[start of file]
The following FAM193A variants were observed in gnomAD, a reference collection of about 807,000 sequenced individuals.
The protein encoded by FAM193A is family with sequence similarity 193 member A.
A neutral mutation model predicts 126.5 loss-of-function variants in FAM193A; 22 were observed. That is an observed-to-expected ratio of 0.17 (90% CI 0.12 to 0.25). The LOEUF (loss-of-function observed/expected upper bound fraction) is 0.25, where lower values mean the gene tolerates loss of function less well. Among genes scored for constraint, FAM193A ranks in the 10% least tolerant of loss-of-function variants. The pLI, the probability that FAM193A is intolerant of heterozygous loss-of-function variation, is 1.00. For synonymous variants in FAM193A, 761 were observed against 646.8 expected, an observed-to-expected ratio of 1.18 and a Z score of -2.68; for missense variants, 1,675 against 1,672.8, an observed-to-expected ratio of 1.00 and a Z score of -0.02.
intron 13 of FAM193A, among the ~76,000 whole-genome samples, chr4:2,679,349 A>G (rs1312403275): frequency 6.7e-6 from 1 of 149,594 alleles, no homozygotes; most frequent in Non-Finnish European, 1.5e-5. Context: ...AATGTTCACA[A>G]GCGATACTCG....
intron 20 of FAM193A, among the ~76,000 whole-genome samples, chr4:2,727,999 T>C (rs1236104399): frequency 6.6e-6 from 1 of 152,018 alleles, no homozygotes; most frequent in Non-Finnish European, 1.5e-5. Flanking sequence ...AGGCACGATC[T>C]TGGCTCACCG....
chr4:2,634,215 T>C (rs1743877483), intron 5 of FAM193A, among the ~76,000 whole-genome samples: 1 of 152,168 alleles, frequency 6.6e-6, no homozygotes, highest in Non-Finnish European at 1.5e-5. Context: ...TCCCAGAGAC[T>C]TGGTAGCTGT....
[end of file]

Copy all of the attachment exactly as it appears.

The following FAM193A variants were observed in gnomAD, a reference collection of about 807,000 sequenced individuals.
The protein encoded by FAM193A is family with sequence similarity 193 member A.
A neutral mutation model predicts 126.5 loss-of-function variants in FAM193A; 22 were observed. That is an observed-to-expected ratio of 0.17 (90% CI 0.12 to 0.25). The LOEUF (loss-of-function observed/expected upper bound fraction) is 0.25, where lower values mean the gene tolerates loss of function less well. Among genes scored for constraint, FAM193A ranks in the 10% least tolerant of loss-of-function variants. The pLI, the probability that FAM193A is intolerant of heterozygous loss-of-function variation, is 1.00. For synonymous variants in FAM193A, 761 were observed against 646.8 expected, an observed-to-expected ratio of 1.18 and a Z score of -2.68; for missense variants, 1,675 against 1,672.8, an observed-to-expected ratio of 1.00 and a Z score of -0.02.
intron 13 of FAM193A, among the ~76,000 whole-genome samples, chr4:2,679,349 A>G (rs1312403275): frequency 6.7e-6 from 1 of 149,594 alleles, no homozygotes; most frequent in Non-Finnish European, 1.5e-5. Context: ...AATGTTCACA[A>G]GCGATACTCG....
intron 20 of FAM193A, among the ~76,000 whole-genome samples, chr4:2,727,999 T>C (rs1236104399): frequency 6.6e-6 from 1 of 152,018 alleles, no homozygotes; most frequent in Non-Finnish European, 1.5e-5. Flanking sequence ...AGGCACGATC[T>C]TGGCTCACCG....
chr4:2,634,215 T>C (rs1743877483), intron 5 of FAM193A, among the ~76,000 whole-genome samples: 1 of 152,168 alleles, frequency 6.6e-6, no homozygotes, highest in Non-Finnish European at 1.5e-5. Context: ...TCCCAGAGAC[T>C]TGGTAGCTGT....